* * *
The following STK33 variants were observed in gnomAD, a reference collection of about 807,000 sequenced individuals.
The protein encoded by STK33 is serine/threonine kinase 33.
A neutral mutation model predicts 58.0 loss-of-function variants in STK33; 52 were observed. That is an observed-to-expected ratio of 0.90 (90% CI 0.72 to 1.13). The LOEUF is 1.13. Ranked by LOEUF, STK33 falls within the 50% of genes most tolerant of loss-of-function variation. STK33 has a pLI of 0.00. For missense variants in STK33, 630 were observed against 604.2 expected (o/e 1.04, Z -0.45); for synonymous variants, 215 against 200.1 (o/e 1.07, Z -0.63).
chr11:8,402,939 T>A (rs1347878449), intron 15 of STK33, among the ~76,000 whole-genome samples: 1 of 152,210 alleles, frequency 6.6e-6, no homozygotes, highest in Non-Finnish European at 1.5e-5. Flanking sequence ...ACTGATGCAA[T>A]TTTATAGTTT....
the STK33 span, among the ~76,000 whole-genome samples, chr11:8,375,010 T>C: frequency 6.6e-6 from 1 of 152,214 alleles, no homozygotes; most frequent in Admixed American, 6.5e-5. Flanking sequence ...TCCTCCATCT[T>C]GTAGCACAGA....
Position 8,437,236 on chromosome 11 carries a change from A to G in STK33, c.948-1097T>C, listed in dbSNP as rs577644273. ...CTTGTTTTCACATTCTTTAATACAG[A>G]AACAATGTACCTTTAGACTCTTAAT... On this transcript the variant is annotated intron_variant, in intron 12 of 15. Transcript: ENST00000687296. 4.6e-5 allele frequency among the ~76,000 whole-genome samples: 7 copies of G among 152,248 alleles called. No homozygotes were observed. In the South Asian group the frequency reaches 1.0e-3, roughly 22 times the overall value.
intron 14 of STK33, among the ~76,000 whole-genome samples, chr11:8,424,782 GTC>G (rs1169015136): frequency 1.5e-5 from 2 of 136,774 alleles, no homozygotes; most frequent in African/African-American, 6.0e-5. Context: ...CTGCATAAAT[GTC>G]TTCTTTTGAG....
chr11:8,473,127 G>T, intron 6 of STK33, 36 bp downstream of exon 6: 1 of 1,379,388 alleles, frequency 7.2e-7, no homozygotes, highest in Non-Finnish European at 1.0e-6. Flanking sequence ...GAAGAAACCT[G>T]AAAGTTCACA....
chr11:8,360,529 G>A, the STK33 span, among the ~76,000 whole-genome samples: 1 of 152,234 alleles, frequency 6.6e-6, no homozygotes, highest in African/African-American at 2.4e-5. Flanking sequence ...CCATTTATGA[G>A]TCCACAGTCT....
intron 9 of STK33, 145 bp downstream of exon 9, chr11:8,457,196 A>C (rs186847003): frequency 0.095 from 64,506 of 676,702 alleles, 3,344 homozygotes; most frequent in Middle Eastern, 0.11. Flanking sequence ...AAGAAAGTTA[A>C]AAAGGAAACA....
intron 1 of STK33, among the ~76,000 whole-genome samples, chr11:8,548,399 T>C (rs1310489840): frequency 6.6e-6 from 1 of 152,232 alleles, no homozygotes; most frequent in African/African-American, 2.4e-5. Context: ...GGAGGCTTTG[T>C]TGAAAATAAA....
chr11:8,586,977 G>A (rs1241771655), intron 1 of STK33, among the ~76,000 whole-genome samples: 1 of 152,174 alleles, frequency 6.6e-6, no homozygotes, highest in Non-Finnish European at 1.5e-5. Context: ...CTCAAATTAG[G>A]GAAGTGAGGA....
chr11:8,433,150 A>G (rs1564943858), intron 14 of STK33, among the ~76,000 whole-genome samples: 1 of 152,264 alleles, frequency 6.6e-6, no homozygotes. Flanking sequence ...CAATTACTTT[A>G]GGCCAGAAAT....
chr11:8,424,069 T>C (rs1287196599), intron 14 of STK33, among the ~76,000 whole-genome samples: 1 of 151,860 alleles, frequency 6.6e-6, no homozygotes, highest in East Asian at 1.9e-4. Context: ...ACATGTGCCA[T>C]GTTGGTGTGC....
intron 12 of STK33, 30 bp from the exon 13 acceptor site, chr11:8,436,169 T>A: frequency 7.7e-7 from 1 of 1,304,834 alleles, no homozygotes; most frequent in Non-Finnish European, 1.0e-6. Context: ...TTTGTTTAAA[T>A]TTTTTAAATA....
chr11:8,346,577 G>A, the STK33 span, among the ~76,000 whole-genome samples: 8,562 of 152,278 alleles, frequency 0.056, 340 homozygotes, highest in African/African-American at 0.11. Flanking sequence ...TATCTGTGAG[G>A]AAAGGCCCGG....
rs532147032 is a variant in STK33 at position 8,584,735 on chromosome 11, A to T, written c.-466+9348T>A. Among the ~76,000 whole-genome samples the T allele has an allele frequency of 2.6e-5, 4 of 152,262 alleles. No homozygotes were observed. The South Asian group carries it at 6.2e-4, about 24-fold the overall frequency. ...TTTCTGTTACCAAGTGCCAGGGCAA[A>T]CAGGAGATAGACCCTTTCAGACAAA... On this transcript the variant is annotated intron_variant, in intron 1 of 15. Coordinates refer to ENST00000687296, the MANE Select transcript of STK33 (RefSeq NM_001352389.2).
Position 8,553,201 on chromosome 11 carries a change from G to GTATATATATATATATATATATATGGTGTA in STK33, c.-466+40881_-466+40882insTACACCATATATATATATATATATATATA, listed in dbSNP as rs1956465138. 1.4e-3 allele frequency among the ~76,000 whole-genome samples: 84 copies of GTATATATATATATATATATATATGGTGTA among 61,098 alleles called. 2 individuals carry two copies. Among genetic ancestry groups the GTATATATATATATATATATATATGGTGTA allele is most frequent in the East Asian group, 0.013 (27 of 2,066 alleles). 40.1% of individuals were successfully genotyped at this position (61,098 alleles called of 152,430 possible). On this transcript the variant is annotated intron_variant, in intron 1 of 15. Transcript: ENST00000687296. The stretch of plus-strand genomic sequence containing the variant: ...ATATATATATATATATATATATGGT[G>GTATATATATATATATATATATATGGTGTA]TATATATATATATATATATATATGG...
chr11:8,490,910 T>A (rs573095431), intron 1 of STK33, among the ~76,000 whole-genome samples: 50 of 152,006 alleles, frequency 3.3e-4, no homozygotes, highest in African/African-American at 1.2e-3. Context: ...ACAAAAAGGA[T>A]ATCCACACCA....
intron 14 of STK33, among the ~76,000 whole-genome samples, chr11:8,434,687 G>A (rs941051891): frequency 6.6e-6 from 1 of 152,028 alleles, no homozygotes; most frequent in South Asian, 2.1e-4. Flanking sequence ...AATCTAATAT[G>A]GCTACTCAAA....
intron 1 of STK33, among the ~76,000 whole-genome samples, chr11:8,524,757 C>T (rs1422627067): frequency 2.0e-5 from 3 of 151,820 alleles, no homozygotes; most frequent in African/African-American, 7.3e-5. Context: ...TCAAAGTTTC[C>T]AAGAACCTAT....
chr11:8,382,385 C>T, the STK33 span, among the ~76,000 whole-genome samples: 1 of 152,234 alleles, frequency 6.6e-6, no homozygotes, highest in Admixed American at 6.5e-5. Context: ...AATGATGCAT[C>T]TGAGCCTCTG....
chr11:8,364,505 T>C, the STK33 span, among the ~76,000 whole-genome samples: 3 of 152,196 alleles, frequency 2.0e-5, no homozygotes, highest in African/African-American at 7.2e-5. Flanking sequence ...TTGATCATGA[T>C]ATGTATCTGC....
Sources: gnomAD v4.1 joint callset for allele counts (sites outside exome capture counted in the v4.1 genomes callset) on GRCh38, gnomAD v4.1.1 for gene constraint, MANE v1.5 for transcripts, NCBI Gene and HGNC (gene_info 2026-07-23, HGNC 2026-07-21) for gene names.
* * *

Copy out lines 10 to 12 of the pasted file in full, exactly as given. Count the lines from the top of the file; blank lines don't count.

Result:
intron 9 of STK33, 145 bp downstream of exon 9, chr11:8,457,196 A>C (rs186847003): frequency 0.095 from 64,506 of 676,702 alleles, 3,344 homozygotes; most frequent in Middle Eastern, 0.11. Flanking sequence ...AAGAAAGTTA[A>C]AAAGGAAACA....
intron 1 of STK33, among the ~76,000 whole-genome samples, chr11:8,548,399 T>C (rs1310489840): frequency 6.6e-6 from 1 of 152,232 alleles, no homozygotes; most frequent in African/African-American, 2.4e-5. Context: ...GGAGGCTTTG[T>C]TGAAAATAAA....
chr11:8,586,977 G>A (rs1241771655), intron 1 of STK33, among the ~76,000 whole-genome samples: 1 of 152,174 alleles, frequency 6.6e-6, no homozygotes, highest in Non-Finnish European at 1.5e-5. Context: ...CTCAAATTAG[G>A]GAAGTGAGGA....